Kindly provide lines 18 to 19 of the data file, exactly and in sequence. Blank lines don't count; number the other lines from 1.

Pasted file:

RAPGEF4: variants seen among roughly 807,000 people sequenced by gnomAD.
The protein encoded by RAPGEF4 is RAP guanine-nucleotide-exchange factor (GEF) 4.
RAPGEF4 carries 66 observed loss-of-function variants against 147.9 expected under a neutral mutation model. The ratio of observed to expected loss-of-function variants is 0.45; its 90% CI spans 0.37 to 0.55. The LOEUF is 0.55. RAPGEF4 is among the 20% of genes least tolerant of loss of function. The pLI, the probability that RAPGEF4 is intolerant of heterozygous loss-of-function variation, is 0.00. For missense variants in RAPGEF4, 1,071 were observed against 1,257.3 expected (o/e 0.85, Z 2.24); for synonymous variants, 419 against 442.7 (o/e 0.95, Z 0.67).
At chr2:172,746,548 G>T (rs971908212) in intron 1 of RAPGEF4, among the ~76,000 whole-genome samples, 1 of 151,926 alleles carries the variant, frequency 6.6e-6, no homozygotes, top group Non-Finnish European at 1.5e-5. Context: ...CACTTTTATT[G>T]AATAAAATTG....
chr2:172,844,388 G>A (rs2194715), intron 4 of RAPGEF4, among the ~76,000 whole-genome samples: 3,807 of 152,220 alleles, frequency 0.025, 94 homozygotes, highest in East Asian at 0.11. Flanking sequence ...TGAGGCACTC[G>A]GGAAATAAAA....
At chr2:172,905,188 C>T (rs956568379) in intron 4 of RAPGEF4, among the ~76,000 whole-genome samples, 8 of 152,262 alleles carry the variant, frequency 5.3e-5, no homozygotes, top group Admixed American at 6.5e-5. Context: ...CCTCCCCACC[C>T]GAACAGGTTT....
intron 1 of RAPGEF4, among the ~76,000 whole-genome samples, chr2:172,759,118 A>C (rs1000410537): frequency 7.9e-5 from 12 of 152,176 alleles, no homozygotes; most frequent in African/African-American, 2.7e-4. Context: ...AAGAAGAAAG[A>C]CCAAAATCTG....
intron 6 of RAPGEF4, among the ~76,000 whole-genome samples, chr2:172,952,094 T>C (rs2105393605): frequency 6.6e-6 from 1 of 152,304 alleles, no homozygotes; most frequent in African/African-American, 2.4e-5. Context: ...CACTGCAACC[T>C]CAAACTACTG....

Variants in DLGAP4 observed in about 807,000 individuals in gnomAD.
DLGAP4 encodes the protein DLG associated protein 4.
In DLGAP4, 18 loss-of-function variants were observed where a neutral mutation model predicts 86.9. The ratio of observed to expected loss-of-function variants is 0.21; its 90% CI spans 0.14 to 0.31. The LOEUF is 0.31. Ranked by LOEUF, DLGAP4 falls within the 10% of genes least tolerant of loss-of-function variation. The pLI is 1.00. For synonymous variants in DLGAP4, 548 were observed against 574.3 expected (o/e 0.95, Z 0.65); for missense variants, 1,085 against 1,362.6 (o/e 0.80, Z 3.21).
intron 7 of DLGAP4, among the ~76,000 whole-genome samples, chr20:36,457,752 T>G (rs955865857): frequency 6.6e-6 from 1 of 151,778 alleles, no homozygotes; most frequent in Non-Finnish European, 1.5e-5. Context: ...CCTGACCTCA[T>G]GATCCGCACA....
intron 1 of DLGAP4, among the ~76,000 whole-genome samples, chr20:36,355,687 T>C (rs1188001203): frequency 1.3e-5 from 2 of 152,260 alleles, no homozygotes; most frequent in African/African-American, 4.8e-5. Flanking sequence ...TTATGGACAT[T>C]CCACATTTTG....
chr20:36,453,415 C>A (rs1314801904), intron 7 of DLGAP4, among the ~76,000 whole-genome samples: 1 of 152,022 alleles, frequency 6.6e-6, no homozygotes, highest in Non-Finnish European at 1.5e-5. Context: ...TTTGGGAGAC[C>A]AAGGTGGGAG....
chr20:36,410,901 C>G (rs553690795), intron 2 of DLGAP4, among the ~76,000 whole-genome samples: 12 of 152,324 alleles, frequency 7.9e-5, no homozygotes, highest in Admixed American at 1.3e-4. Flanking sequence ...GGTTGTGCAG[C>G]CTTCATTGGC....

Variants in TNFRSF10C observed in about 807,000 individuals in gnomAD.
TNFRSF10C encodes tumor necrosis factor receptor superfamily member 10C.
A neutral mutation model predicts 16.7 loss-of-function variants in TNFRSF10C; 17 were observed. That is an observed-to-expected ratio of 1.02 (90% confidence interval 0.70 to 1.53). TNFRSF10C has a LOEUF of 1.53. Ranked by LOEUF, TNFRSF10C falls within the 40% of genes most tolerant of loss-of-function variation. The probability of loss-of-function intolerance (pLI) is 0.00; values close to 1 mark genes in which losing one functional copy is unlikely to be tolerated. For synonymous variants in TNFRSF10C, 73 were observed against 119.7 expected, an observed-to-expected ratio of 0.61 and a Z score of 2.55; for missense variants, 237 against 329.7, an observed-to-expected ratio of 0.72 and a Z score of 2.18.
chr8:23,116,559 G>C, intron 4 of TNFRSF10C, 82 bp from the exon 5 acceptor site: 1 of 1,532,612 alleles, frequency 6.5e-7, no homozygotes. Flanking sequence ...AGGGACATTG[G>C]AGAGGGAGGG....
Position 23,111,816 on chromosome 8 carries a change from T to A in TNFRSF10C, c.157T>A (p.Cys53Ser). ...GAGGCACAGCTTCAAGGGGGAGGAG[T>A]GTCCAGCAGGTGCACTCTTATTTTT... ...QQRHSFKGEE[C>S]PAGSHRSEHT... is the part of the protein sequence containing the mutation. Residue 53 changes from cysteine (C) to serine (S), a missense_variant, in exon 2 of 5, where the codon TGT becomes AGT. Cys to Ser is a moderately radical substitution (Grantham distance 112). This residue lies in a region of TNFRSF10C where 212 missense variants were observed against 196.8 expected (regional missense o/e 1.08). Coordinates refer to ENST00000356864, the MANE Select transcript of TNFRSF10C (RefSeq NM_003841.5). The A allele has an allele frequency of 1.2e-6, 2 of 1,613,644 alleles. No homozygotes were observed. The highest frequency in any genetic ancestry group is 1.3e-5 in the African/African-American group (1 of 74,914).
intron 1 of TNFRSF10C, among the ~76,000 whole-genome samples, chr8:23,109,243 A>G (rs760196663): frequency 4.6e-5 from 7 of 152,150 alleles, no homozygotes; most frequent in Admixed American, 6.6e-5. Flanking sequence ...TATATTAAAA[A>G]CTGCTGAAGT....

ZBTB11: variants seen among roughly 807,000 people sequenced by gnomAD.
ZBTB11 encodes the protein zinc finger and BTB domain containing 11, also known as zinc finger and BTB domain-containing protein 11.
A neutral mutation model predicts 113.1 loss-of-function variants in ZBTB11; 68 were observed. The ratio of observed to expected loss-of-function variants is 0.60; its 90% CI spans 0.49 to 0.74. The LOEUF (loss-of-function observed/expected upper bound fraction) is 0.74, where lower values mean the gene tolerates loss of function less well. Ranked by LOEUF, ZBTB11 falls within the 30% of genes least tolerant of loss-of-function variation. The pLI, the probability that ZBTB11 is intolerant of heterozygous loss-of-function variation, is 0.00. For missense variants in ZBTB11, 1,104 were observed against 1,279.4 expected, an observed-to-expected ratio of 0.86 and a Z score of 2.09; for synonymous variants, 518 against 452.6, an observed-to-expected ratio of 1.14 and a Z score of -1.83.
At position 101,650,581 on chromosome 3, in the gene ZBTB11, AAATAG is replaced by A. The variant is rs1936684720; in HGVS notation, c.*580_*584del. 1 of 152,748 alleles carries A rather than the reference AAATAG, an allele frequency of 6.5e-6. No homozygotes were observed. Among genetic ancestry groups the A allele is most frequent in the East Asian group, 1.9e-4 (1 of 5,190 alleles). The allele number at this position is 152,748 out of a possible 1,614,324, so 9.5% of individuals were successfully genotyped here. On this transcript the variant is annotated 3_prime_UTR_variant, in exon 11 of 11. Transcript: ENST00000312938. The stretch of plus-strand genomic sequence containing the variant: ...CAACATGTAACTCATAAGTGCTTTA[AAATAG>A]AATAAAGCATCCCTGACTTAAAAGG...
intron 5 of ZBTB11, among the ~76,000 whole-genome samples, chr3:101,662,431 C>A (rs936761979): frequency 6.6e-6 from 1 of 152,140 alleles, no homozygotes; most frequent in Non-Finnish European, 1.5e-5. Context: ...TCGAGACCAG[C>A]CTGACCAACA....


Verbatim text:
A neutral mutation model predicts 16.7 loss-of-function variants in TNFRSF10C; 17 were observed. That is an observed-to-expected ratio of 1.02 (90% confidence interval 0.70 to 1.53). TNFRSF10C has a LOEUF of 1.53. Ranked by LOEUF, TNFRSF10C falls within the 40% of genes most tolerant of loss-of-function variation. The probability of loss-of-function intolerance (pLI) is 0.00; values close to 1 mark genes in which losing one functional copy is unlikely to be tolerated. For synonymous variants in TNFRSF10C, 73 were observed against 119.7 expected, an observed-to-expected ratio of 0.61 and a Z score of 2.55; for missense variants, 237 against 329.7, an observed-to-expected ratio of 0.72 and a Z score of 2.18.
chr8:23,116,559 G>C, intron 4 of TNFRSF10C, 82 bp from the exon 5 acceptor site: 1 of 1,532,612 alleles, frequency 6.5e-7, no homozygotes. Flanking sequence ...AGGGACATTG[G>C]AGAGGGAGGG....